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Adult education alumnus receives national award

Ken Harrison

Alumnus Kenya “Ken” Harrison (Armstrong State University, 2010) was recently awarded the Malcolm Knowles Award for Outstanding Adult Education Program Leadership sponsored by the American Association for Adult and Continuing Education (AAACE).

The award recognizes teams or individuals for outstanding leadership to programs that demonstrate particular effectiveness, relevancy, creativity, immediacy, institutional cooperation or collaboration and legislative impact.

Harrison serves as the academic program manager for the Georgia Institute of Technology’s (Georgia Tech) Department of Professional Education on the Savannah Campus. He manages the Veterans Education Training and Transition (VET²) Program which offers a one-of-a-kind training and employment initiative for transitioning service members, military spouses and veterans. Working with regional workforce boards around the state, the VET² program supports professional education at no cost to qualified students.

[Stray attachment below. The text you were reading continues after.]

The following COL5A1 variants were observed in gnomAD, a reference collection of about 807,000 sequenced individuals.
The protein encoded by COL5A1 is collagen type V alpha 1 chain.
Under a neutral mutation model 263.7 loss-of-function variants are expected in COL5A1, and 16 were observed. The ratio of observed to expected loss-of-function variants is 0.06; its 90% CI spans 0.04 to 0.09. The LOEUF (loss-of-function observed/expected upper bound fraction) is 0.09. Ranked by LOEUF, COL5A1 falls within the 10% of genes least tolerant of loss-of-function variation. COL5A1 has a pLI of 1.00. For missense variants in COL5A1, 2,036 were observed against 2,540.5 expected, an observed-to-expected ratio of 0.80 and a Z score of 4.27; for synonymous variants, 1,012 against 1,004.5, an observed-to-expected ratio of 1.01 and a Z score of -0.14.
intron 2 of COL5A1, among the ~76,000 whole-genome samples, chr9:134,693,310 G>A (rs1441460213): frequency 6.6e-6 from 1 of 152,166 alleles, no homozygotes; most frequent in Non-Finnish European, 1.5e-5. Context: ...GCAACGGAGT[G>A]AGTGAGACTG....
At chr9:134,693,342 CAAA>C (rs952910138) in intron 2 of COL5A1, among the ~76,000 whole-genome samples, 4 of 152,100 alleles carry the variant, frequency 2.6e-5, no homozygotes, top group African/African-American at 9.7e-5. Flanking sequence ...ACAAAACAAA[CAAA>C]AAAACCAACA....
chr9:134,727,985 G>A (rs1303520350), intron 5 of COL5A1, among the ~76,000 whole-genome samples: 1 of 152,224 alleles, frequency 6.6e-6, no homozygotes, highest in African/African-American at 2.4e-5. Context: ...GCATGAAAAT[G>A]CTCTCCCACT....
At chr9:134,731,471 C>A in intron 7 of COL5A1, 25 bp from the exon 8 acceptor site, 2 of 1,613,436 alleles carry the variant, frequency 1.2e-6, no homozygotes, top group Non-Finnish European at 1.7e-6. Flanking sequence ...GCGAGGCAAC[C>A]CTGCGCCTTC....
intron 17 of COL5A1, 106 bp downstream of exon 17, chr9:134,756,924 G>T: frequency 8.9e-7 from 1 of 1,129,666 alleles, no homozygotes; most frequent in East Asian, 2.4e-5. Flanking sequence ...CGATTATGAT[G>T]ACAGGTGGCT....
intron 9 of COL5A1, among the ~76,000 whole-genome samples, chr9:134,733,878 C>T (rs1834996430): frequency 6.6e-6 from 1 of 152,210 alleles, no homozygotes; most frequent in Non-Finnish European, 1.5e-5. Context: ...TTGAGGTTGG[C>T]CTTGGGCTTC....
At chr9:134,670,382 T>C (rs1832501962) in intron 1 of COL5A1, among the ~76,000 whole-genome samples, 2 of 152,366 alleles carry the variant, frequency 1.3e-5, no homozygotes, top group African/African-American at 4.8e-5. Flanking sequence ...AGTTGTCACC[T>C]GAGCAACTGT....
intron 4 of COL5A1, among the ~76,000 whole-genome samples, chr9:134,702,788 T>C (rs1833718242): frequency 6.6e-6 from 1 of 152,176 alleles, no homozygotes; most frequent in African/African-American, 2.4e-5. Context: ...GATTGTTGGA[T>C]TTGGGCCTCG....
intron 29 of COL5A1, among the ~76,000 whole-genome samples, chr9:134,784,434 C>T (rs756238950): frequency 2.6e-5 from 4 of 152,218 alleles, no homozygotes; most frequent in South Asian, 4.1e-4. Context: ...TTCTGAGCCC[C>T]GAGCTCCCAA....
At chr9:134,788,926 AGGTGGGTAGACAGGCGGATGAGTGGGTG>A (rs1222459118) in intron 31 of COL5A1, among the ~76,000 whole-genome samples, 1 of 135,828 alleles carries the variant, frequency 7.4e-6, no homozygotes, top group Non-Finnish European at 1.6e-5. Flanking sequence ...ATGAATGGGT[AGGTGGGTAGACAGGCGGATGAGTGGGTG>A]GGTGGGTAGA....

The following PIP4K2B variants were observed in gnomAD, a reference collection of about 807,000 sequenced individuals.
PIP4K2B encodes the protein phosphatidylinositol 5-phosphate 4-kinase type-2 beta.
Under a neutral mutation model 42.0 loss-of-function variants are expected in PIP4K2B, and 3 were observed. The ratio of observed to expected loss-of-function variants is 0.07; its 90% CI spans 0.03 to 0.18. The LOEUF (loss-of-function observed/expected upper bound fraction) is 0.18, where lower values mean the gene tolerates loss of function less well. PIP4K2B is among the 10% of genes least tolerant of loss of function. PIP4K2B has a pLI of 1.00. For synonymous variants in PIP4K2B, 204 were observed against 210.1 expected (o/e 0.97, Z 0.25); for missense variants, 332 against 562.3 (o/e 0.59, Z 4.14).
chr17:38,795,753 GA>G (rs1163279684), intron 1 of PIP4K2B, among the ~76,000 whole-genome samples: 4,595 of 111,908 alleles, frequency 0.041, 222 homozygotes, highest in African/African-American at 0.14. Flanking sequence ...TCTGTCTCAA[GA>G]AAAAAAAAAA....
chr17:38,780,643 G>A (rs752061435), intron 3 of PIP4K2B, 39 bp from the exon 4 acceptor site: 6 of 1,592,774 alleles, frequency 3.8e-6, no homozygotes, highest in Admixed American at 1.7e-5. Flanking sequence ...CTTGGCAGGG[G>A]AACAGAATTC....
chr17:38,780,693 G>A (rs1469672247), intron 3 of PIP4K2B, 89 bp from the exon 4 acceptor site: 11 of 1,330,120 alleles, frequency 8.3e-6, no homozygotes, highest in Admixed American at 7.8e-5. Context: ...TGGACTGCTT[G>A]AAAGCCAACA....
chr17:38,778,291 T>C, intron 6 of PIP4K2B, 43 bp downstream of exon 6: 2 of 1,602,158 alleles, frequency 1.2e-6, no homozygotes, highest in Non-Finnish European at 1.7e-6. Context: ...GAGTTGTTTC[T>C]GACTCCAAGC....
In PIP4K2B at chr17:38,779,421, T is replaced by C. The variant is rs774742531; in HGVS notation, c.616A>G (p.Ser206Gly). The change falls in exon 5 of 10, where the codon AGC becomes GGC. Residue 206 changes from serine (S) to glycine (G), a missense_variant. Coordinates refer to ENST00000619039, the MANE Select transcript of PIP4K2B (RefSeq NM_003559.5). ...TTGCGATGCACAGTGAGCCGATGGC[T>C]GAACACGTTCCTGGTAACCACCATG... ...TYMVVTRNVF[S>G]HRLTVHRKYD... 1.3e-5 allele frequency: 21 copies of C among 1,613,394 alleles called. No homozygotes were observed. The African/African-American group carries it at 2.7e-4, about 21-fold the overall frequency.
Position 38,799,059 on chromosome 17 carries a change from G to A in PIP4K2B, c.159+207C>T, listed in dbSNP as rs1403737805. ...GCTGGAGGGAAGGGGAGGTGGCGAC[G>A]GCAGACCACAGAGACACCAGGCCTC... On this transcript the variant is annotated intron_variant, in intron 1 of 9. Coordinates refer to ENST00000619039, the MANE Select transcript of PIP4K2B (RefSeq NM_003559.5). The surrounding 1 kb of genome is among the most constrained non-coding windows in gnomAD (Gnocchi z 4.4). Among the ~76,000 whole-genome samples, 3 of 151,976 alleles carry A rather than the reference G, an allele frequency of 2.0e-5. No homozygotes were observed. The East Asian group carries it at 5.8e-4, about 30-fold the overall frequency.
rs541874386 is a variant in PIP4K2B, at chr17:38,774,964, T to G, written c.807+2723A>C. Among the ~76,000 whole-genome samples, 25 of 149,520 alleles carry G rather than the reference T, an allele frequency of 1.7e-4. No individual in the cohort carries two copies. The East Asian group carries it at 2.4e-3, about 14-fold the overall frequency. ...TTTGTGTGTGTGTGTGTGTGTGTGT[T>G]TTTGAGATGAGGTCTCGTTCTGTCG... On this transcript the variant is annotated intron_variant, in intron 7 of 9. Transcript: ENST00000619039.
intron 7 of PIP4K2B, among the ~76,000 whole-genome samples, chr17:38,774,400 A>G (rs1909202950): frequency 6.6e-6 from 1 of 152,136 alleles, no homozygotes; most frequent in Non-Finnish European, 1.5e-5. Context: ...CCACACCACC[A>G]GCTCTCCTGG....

Harrison earned a master’s in adult education and community leadership from Armstrong State University in 2010, and says that his experiences have been vital to his success in running an adult education program at Georgia Tech.

“The education I received at Armstrong had a tremendous impact on my personal and professional development,” Harrison said. “I had the opportunity to not only learn in the classroom, but we also had an impact in the community through various class projects. The adult education and community leadership program really opened my eyes to the type of meaningful influence I could have in the community.”

Harrison is also a United States Marine Corps reservist with 27 years of service. He was deployed to the Middle East in support of Operation Iraqi Freedom, Kabul, Afghanistan in support of Operation Enduring Freedom, worked at the Pentagon and Headquarters Marine Corps in Arlington, Virginia. He is currently a senior logistics inspector for Headquarters Marine Corps Forces Reserve in New Orleans, Louisiana.

The VET2 program combines two important elements of Harrison’s life–his call to help his fellow servicemen and his desire to learn.

“It’s quite simple, I just enjoy learning,” Harrison said. “And I believe in servant leadership. This is a leadership style which is more concerned about the growth of others, their well-being, and of the communities to which they belong.”

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